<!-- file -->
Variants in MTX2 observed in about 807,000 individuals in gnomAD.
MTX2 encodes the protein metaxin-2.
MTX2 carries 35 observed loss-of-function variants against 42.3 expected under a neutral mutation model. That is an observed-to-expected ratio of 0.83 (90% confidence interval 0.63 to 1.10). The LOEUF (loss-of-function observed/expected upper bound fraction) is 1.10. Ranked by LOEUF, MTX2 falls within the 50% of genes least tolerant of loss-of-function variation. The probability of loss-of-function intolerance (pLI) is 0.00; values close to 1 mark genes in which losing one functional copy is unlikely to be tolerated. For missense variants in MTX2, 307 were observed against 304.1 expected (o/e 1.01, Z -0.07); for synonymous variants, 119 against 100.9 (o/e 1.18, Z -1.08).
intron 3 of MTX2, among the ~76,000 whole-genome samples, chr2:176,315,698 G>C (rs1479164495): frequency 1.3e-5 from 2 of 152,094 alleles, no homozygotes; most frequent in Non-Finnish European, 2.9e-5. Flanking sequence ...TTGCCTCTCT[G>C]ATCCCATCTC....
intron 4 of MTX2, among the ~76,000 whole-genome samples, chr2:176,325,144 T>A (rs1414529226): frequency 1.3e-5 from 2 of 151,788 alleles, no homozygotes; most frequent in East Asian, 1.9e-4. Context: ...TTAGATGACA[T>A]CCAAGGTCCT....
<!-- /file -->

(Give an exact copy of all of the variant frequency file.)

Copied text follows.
Variants in MTX2 observed in about 807,000 individuals in gnomAD.
MTX2 encodes the protein metaxin-2.
MTX2 carries 35 observed loss-of-function variants against 42.3 expected under a neutral mutation model. That is an observed-to-expected ratio of 0.83 (90% confidence interval 0.63 to 1.10). The LOEUF (loss-of-function observed/expected upper bound fraction) is 1.10. Ranked by LOEUF, MTX2 falls within the 50% of genes least tolerant of loss-of-function variation. The probability of loss-of-function intolerance (pLI) is 0.00; values close to 1 mark genes in which losing one functional copy is unlikely to be tolerated. For missense variants in MTX2, 307 were observed against 304.1 expected (o/e 1.01, Z -0.07); for synonymous variants, 119 against 100.9 (o/e 1.18, Z -1.08).
intron 3 of MTX2, among the ~76,000 whole-genome samples, chr2:176,315,698 G>C (rs1479164495): frequency 1.3e-5 from 2 of 152,094 alleles, no homozygotes; most frequent in Non-Finnish European, 2.9e-5. Flanking sequence ...TTGCCTCTCT[G>C]ATCCCATCTC....
intron 4 of MTX2, among the ~76,000 whole-genome samples, chr2:176,325,144 T>A (rs1414529226): frequency 1.3e-5 from 2 of 151,788 alleles, no homozygotes; most frequent in East Asian, 1.9e-4. Context: ...TTAGATGACA[T>A]CCAAGGTCCT....